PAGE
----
Study finds the bulk of shoes’ carbon footprint comes from manufacturing processes.
Lawrence H. Summers (S.B. 1975), Secretary of the Treasury during the Clinton administration and a former professor of economics at MIT, returned to his alma mater to deliver a good-natured informal talk on the role economists play--and do not play--in forging public policy.
Summers, 48, now president of Harvard University, spoke without notes to students gathered in Wong Auditorium on Oct. 16. Strolling comfortably across the stage and sipping occasionally from a can of Diet Coke, he described moments both tense and instructive from his Washington years.
An instructive moment came to him and Jonathan Gruber (S.B. 1987), professor of economics at MIT, during a meeting on electricity deregulation that included former Vice President Al Gore and other high-ranking members of the administration.
Summers, who was Gruber's thesis advisor at Harvard, praised his former student for the economic analysis he had prepared. However, "political decisions aren't made entirely on an economic basis. Environmental concerns were important to Gore. For the sake of political harmony, I hung Jon out to dry," Summers said.
On the other hand, he noted, "ideas developed by economists can have a very substantial impact on public policy." He cited examples from the early 1990s of the power of economists' ideas.
"The profound change in national fiscal policy to focus on deficit reduction came from economists. The idea for index bonds, which have no natural constituency and have saved the U.S. several hundred billion dollars, came from the economics profession. And economic analysis has had a major role in world financial crises," he said.
Summers' own role as an economist had its "tensest moment" in averting just such a financial crisis. On Dec. 18, 1994, just after the election of President Zedillo in Mexico, "I got a call at midnight saying Mexico intended to devalue the peso. Within days, the peso was in free fall. Would Mexico, a former poster child for emerging markets, default?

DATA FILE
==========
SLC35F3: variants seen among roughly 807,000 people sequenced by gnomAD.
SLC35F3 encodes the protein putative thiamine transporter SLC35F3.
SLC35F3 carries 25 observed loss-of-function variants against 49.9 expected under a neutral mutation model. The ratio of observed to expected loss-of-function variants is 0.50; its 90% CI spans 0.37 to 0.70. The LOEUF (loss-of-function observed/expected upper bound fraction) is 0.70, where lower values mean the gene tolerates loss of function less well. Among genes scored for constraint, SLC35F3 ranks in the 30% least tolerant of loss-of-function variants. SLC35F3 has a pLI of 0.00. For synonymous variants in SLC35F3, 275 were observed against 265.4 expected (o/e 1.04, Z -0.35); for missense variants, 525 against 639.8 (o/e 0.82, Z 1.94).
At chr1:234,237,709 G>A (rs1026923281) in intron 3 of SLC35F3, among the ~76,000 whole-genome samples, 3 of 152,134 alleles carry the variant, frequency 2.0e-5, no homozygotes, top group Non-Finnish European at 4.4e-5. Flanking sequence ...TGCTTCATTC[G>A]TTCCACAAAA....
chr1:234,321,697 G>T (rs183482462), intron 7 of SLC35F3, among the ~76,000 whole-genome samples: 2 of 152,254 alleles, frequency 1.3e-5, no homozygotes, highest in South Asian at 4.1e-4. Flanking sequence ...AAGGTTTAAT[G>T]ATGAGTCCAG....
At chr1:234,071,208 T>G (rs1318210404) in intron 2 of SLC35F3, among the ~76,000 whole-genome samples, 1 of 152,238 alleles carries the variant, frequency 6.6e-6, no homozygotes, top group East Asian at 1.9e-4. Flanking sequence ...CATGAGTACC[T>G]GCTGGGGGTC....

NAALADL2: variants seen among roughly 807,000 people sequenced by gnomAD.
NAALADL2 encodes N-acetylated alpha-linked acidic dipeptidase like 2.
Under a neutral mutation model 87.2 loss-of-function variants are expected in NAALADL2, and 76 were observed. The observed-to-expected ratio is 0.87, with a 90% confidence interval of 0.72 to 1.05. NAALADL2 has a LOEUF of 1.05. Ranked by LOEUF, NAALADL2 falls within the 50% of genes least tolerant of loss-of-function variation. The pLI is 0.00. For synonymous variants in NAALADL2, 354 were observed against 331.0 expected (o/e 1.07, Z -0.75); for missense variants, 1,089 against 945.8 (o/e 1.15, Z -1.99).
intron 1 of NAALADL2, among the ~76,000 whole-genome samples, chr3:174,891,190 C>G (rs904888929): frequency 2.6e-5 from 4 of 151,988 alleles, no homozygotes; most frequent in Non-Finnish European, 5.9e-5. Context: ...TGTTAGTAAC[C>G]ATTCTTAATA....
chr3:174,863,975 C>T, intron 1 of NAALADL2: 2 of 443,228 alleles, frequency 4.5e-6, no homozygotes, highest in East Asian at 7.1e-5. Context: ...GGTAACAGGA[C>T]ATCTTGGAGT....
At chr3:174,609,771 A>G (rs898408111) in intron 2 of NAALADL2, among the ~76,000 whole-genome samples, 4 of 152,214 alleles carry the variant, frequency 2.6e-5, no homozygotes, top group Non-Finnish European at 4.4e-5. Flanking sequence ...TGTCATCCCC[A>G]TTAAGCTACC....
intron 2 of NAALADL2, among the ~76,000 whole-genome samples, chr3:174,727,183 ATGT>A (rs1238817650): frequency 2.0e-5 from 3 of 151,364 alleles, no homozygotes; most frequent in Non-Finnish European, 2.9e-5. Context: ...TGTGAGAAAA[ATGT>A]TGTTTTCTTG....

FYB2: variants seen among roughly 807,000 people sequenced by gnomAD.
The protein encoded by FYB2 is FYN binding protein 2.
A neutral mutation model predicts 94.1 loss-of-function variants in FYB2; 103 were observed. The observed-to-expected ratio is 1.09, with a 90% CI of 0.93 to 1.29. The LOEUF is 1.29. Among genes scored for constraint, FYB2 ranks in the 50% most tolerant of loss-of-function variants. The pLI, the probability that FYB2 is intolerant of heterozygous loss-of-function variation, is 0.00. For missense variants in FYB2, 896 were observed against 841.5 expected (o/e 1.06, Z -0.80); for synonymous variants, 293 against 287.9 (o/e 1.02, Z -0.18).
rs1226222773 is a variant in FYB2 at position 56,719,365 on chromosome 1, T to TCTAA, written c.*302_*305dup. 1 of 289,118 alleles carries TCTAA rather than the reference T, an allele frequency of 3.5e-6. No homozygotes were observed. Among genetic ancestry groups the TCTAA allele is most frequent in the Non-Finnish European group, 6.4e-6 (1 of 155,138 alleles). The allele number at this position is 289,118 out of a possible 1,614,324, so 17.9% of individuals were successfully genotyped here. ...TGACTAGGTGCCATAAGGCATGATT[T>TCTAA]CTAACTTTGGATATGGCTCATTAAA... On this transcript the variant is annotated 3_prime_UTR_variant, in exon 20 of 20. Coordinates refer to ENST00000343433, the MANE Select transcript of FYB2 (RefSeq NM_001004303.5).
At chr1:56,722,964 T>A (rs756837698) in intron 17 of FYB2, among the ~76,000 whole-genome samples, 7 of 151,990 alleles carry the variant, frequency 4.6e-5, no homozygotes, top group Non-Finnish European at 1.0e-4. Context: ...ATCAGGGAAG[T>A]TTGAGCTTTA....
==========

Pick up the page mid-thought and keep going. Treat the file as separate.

"People rushed for the exits, trying to get dollars and get out. But what was the right policy for the U.S. and the international system? Treat this as a bank run and act to restore confidence? Or would a bailout create a moral hazard?" he asked.
The outcome was an economists' dream unfolding in political reality. Urged by economic advisors including Summers, President Clinton authorized $12 billion in "support" for Mexico without legislative approval by invoking the power to spend the funds in the name of exchange-rate stability. Since that time, the Mexican economy has been revitalized and a peaceful transition from one political party to another has occurred, Summers said. What's more, the United States made $450 million in profits from the loan, he added.
His general advice on being an economist: Always think like one.
"Whatever you're doing today, the ability to think like an economist permeates every aspect of life. If you doubt this, read the best book this year, 'Moneyball: The Art of Winning an Unfair Game,' about Billy Beane, the Oakland A's general manager. He uses econometrics to pick players and make decisions. His payroll is 40 percent of other teams.
"If it can happen in baseball, it can happen in every other walk of existence," Summers said.
Summers received the Ph.D. in economics from Harvard in 1982. He taught at MIT from 1979-82 and at Harvard from 1983-91. He was named vice president and chief economist for the World Bank in 1991. He became Undersecretary of the Treasury in 1993, Deputy Secretary in 1995 and Secretary of the Treasury in 1999. He has been president of Harvard since 2001.
Summers' talk at MIT was sponsored by the Undergraduate Economics Association and the Sloan Policy Forum.
A version of this article appeared in MIT Tech Talk on October 22, 2003.